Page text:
This system gives the NRL an opportunity to take the time to make an informed decision about the charge, while giving the player and club a chance to mount a defense for the action. Basically it is our judicial system.

The part that I feel is incorrect is that the opposing team on the day is awarded nothing more than a penalty, while the teams in the coming weeks will face a side without the offending player. It really provides a disadvantage to the violating team more so than an advantage to the opposing team on the day.

All in all in it is pretty good system and I am not trying to pick it apart, but what if the player was sin binned for 3 minutes for a violation. Giving the opposition potentially 2 attacking sets a man up. It would give the opposition a valuable chance at capitalizing and posting points. Imagine the expansive attacking football during this period.

Perhaps a penalty and an extra man would provide too much advantage, but in my opinion it would be no more advantageous than the teams receive in the following weeks facing a Thurstonless Cowboys or a Tigers side without Tedesco?

Your thoughts……..

If I Could……….

If I Could……….

If you were the most powerful person in rugby league what would you do?

If you do but one thing what would it be?

I pose the following questions, what would you bring back, what would you change and what would you get rid off.

While I love the game and on the whole I could not write a long list of changes, there are 3 things I would like to see altered.



Shoulder Charges, bring them back. There are more people getting concussions then ever and I don’t see the shoulder charge as the culprit. The real problem is contact with the head. Solution, make it an instant suspension for 3 weeks for any contact with the head and put the matter to rest.



I would change the obstruction rule, it is hopeless and just results in players diving. I thought for a brief moment we had it right but it appears not. Continually players make no attempt to play on, instead falling to the ground like an English Premier League game. I saw this when the Sharks played the Tigers. While Paul Gallen didn’t drop to the ground like a sniper had shot him, he did throw his hands in the air and failed to play on. If he continued the chase he may have stopped the try, or at worst gave the Officials enough evidence to show that he couldn’t get to the ball carrier. In Gallens defense this came after the Sharks were disallowed a try at the other end for an obstruction. Give the team with the ball the benefit of the doubt and make the defensive team play to the whistle.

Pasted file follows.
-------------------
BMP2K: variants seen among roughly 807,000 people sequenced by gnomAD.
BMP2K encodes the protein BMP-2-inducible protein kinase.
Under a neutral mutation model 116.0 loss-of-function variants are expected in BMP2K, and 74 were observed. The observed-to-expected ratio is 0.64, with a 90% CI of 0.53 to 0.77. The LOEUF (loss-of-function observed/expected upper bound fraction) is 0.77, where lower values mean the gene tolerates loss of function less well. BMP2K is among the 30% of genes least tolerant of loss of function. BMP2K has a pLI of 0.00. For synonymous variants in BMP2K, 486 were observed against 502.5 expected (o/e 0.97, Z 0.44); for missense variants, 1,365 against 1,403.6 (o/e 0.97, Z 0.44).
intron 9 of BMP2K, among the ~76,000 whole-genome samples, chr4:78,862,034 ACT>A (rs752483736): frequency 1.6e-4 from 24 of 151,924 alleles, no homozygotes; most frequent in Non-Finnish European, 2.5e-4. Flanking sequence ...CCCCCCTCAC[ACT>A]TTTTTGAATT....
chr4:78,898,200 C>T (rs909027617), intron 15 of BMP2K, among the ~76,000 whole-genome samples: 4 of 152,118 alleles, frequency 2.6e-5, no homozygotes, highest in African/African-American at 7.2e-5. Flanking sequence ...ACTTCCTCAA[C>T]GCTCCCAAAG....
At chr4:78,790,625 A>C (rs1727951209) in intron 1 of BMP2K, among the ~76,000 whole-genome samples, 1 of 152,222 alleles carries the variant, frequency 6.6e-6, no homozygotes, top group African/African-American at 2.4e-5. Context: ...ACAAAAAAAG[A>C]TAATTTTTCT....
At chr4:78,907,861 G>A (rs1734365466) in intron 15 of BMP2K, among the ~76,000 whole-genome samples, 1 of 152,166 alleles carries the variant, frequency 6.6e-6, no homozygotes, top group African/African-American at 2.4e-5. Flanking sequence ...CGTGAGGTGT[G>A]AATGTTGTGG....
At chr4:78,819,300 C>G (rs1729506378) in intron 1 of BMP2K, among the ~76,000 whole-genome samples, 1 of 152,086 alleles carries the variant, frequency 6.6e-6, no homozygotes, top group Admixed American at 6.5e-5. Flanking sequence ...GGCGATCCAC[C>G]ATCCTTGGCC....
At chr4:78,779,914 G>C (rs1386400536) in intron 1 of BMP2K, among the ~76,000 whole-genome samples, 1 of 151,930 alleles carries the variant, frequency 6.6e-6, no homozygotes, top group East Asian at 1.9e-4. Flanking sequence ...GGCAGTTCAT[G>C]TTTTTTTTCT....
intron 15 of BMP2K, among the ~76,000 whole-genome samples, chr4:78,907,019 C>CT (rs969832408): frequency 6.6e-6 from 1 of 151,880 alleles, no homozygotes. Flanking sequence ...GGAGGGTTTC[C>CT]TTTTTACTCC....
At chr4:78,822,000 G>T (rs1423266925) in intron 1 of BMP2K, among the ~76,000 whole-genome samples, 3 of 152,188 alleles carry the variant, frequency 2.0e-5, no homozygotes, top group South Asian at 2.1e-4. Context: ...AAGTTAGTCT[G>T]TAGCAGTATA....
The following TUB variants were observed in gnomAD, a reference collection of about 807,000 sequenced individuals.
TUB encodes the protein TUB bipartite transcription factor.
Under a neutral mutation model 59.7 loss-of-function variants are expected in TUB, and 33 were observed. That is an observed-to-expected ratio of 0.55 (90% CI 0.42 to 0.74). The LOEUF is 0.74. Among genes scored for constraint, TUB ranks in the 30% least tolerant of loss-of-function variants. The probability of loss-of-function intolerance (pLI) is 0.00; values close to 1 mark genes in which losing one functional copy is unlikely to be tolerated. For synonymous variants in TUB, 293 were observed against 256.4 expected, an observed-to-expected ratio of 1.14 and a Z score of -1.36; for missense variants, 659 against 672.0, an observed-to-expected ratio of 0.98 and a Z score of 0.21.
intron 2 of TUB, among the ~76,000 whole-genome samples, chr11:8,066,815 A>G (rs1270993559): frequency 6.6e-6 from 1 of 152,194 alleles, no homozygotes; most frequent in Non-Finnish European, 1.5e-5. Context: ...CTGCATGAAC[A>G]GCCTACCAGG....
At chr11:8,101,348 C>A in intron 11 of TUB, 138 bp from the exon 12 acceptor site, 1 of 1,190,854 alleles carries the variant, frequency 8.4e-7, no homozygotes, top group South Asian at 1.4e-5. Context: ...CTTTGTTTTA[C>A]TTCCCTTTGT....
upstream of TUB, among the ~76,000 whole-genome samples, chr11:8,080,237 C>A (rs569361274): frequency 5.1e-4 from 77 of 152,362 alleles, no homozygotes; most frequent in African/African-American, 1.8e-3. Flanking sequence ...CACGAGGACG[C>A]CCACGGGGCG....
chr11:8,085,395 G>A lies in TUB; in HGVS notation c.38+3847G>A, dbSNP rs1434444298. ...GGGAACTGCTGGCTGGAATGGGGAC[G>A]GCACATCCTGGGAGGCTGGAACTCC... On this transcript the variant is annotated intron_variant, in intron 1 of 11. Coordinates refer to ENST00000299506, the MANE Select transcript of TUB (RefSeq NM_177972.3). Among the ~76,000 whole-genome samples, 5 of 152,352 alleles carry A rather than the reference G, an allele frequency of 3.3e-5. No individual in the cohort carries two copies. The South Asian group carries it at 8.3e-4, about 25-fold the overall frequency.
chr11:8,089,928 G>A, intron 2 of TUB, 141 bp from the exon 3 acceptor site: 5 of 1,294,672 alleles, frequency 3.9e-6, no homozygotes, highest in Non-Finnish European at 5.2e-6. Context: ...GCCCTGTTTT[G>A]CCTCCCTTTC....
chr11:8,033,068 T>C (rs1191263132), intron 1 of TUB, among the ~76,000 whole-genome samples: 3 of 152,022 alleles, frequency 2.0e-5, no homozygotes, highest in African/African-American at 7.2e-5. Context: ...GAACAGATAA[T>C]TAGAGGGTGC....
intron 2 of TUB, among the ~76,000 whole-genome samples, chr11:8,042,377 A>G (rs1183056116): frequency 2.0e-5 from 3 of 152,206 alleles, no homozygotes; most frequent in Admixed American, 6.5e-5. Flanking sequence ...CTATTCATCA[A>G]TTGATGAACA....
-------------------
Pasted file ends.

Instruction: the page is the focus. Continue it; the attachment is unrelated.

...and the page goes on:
Diving……….. No Surprises

This is not a rule that I can change, but I would pay money to have it removed out of the modern game. If you stay down to receive a penalty you should have to go off. This would see only serious offences getting brought to light. It is boring watching every player stay down trying to milk a penalty for a clip on the chin. The modern players wouldn’t run on to the field if they played 20 years ago. Im not saying bring back the biff or play a “grubs” game. I’m simply saying if you are not hurt GET UP.

Capitalising on Concussions

Capitalising on Concussions

Its in our DNA to take short cuts and try to get what we want while doing as little as possible, it is what sells lottery tickets.

All players in all teams exploit the rules. How many tries have been disallowed due to defending players diving when decoys brush past them. Countless players now stay down feigning injury after any foul play, only to receive a penalty and then fall back in to line UNINJURED. However these are issues for another day.

I’m calling it early and I hope for the game I am wrong, but I believe before the final siren of 2016 atleast one NRL team will exploit the concussion test to get a free interchange. With interchanges reduced by 2, most teams are utilizing all 8 changes with plenty of time left to play.

What a game changer it could be to give a tired forward a 10-minute break and get a fresh set of legs on the field in a tight one with 15 to go, or bringing in a utility player when scores are all tied up with 5 left, to have them kick a field goal while the opposition swarm towards a Cooper Cronk or Adam Reynolds.

I pray it doesn’t happen, but with players ever so wiling to take a dive for a penalty it is a question of who not when.